French wine giant, African militia and Chinese partner

An anti-violence organisation co-founded by George Clooney has published a report accusing the Groupe Castel conglomerate of co-financing a violent militia called the Union for Peace in Central Africa. The company, the third largest alcohol producer in the world, denies the accusations. However, French prosecutors have launched an investigation into the matter, and it is not all the group's problems.

Groupe Castel is one of the biggest players in the alcohol market. The family-owned giant was founded in 1949 under the name Castel Frères and is still managed by family members. From the beginning, they planned to focus on the mass production of cheap, everyday wines. It has succeeded; the concern owns three of the best-selling wines in France: Roche Mazet, Vieux Papes and La Villageoise.

The company grew rapidly. It has acquired a number of established brands, including the chain of Nicolas shops, the German wine producer Barton & Guestier or the French company Patriarche. The group, by its own admission, sells a total of 500 million bottles of wine a year, or 16 bottles per second. It has also developed a beer business (it has around 45 breweries in Africa alone) as well as mineral waters (following the acquisition of the famous Vichy) and soft drinks.

In more than a dozen countries in French-speaking Africa, Groupe Castel is virtually a monopoly in the alcoholic and non-alcoholic drinks sector. Its boss Pierre Castel is friends with the leaders of many countries in the area and has been attending their celebrations for years. This is a politically unstable region, gripped by wars, so doing business here is sometimes quite difficult. This is why they are watched by both competitors and various organisations, especially humanitarian ones.

Accusations that the African branch of the corporation was collaborating with local terrorist militias surfaced exactly one year ago. It was then that the American website The Sentry - describing investigations by the anti-violence organisation Satellite Sentinel Project, co-founded by the famous actor George Clooney - published a report suggesting that Castel's African subsidiary was complicit in war crimes in the area. This was thought to involve the company's collaboration with a militia called the Union for Peace in Central Africa (UPC), accused of murder, torture and rape. Castel was to pay off the UPC in return for avoiding 'trouble' and securing its market position in the region.
A report in The Sentry entitled. "Cultivating cruelty" begins with the sentence: "French sugar and beverage giant Castel Group linked to funding violent militias in Central African Republic". Photo printscreen from
The UPC is a militia from the armed coalition of Séléka rebel groups, which contributed to the civil war in the Central African Republic 10 years ago. A number of military organisations are still active in the area, and recently there has been much buzz about the activities of a private Russian mercenary army, the 'Wagner Group', which seeks to destabilise French influence in this part of the continent. In 2018, they were accused of murdering a team of Russian journalists in the Central African Republic who were shooting material about its activities, among other things.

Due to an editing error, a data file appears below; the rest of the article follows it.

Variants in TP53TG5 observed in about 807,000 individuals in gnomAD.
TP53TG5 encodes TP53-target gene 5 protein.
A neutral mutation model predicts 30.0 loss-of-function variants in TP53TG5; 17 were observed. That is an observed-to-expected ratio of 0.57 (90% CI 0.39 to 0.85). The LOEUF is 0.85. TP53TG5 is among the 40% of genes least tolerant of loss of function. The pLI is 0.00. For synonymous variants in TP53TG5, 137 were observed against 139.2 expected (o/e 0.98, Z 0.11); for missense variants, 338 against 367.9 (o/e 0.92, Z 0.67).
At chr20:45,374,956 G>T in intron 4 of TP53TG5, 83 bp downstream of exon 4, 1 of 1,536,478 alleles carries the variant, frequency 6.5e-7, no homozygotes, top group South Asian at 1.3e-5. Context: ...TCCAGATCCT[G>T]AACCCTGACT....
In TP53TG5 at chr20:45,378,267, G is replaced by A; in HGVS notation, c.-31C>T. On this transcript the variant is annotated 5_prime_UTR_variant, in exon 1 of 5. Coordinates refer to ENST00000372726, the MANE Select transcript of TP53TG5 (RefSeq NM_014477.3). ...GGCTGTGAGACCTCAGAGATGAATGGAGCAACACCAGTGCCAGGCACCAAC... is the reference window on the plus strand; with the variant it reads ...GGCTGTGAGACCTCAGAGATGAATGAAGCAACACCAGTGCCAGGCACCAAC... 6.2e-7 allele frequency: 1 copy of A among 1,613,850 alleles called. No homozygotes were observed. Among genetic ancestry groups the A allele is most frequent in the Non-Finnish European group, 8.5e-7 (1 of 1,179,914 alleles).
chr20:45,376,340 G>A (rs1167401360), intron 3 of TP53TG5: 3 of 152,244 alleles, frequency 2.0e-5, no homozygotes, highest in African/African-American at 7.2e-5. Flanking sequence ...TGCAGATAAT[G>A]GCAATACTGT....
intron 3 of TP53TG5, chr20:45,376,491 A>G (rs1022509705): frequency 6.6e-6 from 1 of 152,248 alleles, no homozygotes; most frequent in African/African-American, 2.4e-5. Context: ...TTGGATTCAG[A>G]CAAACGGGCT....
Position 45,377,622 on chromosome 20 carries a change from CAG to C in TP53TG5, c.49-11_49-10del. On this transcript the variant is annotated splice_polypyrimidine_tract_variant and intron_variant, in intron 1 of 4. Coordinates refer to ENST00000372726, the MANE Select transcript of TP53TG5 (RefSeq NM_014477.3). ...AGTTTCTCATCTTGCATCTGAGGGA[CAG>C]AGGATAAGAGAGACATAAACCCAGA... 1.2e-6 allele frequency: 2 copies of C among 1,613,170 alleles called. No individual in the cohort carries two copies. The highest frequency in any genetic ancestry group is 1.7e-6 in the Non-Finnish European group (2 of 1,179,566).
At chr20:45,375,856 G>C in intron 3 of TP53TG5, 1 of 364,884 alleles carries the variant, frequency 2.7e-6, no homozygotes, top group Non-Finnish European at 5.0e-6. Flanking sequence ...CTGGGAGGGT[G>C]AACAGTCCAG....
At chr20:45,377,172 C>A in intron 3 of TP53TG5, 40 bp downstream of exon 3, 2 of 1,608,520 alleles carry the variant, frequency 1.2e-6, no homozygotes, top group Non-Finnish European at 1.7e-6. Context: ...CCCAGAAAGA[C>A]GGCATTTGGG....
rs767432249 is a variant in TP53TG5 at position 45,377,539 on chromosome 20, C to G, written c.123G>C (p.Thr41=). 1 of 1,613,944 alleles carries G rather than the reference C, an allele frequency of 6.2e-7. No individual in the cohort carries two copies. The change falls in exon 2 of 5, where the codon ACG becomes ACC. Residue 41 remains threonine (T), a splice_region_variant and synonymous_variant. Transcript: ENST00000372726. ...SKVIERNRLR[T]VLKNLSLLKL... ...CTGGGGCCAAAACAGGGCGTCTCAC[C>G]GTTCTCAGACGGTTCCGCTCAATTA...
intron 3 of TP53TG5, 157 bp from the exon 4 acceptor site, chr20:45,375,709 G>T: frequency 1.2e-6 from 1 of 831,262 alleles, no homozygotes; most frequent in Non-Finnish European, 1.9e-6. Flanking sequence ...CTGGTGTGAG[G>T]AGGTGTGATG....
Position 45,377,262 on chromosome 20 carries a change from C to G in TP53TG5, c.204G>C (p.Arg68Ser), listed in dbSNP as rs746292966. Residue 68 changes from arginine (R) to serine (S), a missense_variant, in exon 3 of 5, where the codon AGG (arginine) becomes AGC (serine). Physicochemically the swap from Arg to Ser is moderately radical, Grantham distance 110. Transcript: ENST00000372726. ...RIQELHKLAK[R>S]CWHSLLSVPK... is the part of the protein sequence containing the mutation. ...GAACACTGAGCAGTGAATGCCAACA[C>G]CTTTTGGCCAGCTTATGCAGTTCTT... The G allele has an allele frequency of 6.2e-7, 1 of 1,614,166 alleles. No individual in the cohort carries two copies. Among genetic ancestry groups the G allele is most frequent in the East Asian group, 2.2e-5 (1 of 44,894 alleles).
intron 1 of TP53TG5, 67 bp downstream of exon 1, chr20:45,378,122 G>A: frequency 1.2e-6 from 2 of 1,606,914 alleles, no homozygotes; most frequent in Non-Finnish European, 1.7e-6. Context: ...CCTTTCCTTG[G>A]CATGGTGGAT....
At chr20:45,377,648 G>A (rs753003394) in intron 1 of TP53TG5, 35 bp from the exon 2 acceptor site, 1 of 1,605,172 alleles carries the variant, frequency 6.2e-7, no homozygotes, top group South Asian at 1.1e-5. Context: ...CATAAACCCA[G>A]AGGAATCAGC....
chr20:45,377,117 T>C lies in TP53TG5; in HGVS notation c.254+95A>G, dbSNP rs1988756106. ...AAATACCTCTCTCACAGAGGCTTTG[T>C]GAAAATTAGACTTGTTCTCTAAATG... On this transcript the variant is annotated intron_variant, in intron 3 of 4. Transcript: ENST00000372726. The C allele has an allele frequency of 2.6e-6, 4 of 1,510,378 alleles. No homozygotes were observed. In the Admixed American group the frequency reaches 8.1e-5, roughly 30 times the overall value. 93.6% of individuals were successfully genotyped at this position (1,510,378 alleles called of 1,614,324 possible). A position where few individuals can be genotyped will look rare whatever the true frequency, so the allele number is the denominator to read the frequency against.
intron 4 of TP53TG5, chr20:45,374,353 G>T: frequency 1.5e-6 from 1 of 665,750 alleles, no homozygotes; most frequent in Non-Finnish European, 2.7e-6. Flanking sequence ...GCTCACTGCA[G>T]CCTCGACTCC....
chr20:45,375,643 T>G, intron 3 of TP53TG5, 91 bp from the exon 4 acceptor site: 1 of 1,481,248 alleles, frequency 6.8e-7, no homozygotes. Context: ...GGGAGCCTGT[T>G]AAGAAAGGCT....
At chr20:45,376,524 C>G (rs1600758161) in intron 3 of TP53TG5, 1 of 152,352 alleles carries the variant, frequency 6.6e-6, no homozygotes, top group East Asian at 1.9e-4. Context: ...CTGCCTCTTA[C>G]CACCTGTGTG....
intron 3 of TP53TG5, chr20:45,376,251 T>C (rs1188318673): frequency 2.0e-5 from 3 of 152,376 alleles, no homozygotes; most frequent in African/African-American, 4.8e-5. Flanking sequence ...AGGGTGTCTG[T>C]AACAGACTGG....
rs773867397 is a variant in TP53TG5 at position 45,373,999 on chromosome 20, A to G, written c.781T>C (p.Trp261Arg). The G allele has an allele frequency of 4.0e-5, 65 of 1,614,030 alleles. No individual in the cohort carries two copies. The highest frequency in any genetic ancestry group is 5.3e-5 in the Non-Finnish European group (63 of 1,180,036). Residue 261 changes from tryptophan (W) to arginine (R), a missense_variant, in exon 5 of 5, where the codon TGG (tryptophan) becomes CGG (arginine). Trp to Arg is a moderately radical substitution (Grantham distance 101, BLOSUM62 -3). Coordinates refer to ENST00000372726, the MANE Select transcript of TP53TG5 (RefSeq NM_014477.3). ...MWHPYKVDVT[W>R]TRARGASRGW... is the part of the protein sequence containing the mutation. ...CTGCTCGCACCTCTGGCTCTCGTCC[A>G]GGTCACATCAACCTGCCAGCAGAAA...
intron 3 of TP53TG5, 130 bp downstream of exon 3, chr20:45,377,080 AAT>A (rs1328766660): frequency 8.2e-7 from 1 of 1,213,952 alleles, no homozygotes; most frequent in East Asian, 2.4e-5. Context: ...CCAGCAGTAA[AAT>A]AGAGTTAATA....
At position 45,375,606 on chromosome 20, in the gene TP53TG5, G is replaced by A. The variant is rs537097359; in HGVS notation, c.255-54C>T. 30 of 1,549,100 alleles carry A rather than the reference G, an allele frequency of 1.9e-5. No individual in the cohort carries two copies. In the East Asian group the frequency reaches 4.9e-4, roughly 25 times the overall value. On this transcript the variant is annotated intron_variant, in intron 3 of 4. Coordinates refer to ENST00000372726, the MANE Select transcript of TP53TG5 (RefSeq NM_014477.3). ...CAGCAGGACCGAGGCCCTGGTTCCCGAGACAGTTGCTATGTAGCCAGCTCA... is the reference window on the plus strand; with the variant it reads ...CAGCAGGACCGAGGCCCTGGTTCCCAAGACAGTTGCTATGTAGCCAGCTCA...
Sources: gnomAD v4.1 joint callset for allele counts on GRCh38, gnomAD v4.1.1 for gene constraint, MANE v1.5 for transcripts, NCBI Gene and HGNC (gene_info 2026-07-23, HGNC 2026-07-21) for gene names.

The report published by The Sentry was so shocking that, as Reuters reported in July this year, French counter-terrorism prosecutors launched an investigation "into allegations of potential complicity in war crimes in the Central African Republic made against Groupe Castel".

'War speculation has fuelled protracted and devastating armed conflicts around the world, too often without legal or financial consequences for the perpetrators", commented John Prendergast, who co-founded The Sentry with Clooney.

A spokesperson for Groupe Castel told Reuters that the company was fully cooperating with the French authorities and that it had already launched an internal investigation into the matter after the first accusations emerged. However, it found no evidence of any wrongdoing.

But these are not Groupe Castel's only problems - these have been dragging on for at least a decade and are very complex. At issue is the group's activities in the beer market in China, where it entered into partnerships with a local businessman. The French authorities were alerted when the partners had a disagreement and the Chinese businessman started demanding money from his partner in the local courts, of which the Parisian tax authorities knew nothing. According to the Sud Ouest newspaper, Castel was accused of presenting "false balance sheets". The French giant is not commenting on the case, while their lawyer considered it a "technical and accounting dispute".

Both investigations are ongoing and the accusations obviously need to be proven, which will probably be difficult. But it does not bring glory to Groupe Castel.

–Wojciech Gogoliński

TVP WEEKLY. Editorial team and jornalists

–Translated by Tomasz Krzyżanowski

The author is editor of the magazine 'Czas Wina' (Wine Time). Among his publications there’s his Leksykon alkoholi ['Lexicon of ALcohools’] and the book Wiedza o winie ['Wine Knowledge’].

Main photo: The wine cellar. Photo by Hoberman/Universal Images Group via Getty Images
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